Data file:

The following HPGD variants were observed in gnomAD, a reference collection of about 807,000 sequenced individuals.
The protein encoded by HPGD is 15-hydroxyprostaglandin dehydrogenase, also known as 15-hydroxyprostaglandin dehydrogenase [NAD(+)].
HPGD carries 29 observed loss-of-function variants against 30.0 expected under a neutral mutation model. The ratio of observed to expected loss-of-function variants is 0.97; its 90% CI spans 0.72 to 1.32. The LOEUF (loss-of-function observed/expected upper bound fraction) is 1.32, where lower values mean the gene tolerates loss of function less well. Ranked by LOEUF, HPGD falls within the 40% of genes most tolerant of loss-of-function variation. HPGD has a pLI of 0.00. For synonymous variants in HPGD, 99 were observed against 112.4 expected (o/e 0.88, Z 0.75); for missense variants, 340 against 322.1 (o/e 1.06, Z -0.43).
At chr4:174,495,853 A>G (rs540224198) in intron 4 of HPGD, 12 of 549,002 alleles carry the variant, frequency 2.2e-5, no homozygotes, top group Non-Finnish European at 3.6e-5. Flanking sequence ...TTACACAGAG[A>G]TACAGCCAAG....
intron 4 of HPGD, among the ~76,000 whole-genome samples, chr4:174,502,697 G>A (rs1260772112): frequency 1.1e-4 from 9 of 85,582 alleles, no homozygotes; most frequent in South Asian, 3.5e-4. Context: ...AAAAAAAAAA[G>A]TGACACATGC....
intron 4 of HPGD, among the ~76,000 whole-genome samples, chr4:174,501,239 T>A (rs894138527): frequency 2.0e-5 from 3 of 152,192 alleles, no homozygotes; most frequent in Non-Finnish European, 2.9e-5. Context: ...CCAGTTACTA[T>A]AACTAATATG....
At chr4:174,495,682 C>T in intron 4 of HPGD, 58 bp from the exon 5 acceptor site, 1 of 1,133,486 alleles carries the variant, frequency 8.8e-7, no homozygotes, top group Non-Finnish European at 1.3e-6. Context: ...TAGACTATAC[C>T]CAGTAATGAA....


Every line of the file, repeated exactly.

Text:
The following HPGD variants were observed in gnomAD, a reference collection of about 807,000 sequenced individuals.
The protein encoded by HPGD is 15-hydroxyprostaglandin dehydrogenase, also known as 15-hydroxyprostaglandin dehydrogenase [NAD(+)].
HPGD carries 29 observed loss-of-function variants against 30.0 expected under a neutral mutation model. The ratio of observed to expected loss-of-function variants is 0.97; its 90% CI spans 0.72 to 1.32. The LOEUF (loss-of-function observed/expected upper bound fraction) is 1.32, where lower values mean the gene tolerates loss of function less well. Ranked by LOEUF, HPGD falls within the 40% of genes most tolerant of loss-of-function variation. HPGD has a pLI of 0.00. For synonymous variants in HPGD, 99 were observed against 112.4 expected (o/e 0.88, Z 0.75); for missense variants, 340 against 322.1 (o/e 1.06, Z -0.43).
At chr4:174,495,853 A>G (rs540224198) in intron 4 of HPGD, 12 of 549,002 alleles carry the variant, frequency 2.2e-5, no homozygotes, top group Non-Finnish European at 3.6e-5. Flanking sequence ...TTACACAGAG[A>G]TACAGCCAAG....
intron 4 of HPGD, among the ~76,000 whole-genome samples, chr4:174,502,697 G>A (rs1260772112): frequency 1.1e-4 from 9 of 85,582 alleles, no homozygotes; most frequent in South Asian, 3.5e-4. Context: ...AAAAAAAAAA[G>A]TGACACATGC....
intron 4 of HPGD, among the ~76,000 whole-genome samples, chr4:174,501,239 T>A (rs894138527): frequency 2.0e-5 from 3 of 152,192 alleles, no homozygotes; most frequent in Non-Finnish European, 2.9e-5. Context: ...CCAGTTACTA[T>A]AACTAATATG....
At chr4:174,495,682 C>T in intron 4 of HPGD, 58 bp from the exon 5 acceptor site, 1 of 1,133,486 alleles carries the variant, frequency 8.8e-7, no homozygotes, top group Non-Finnish European at 1.3e-6. Context: ...TAGACTATAC[C>T]CAGTAATGAA....